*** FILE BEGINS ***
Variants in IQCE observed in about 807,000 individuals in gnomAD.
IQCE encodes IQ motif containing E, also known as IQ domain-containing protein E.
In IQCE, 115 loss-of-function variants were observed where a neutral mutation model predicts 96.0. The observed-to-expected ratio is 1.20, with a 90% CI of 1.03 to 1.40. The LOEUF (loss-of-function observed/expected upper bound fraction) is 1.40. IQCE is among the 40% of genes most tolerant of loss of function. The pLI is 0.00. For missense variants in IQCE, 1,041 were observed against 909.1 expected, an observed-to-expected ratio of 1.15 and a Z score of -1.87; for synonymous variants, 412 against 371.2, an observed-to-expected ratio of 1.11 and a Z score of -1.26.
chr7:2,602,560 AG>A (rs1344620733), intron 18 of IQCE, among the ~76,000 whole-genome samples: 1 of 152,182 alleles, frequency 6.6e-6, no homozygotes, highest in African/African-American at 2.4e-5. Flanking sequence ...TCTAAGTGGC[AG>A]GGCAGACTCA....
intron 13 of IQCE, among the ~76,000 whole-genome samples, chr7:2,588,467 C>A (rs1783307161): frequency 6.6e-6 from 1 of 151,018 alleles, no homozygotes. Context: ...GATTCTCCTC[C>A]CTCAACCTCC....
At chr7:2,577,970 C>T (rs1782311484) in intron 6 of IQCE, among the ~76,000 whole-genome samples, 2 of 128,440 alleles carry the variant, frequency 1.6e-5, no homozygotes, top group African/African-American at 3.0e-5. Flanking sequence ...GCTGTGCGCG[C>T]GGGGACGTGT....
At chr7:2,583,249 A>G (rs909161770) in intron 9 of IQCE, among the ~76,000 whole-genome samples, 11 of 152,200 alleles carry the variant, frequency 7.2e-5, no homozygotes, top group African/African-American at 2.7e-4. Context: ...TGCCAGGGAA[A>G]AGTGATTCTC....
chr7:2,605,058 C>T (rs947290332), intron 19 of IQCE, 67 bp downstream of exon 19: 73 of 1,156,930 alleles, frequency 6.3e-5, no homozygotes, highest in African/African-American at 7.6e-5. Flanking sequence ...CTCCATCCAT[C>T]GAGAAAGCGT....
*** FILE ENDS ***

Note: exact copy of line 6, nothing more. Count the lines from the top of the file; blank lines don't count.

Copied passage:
At chr7:2,577,970 C>T (rs1782311484) in intron 6 of IQCE, among the ~76,000 whole-genome samples, 2 of 128,440 alleles carry the variant, frequency 1.6e-5, no homozygotes, top group African/African-American at 3.0e-5. Flanking sequence ...GCTGTGCGCG[C>T]GGGGACGTGT....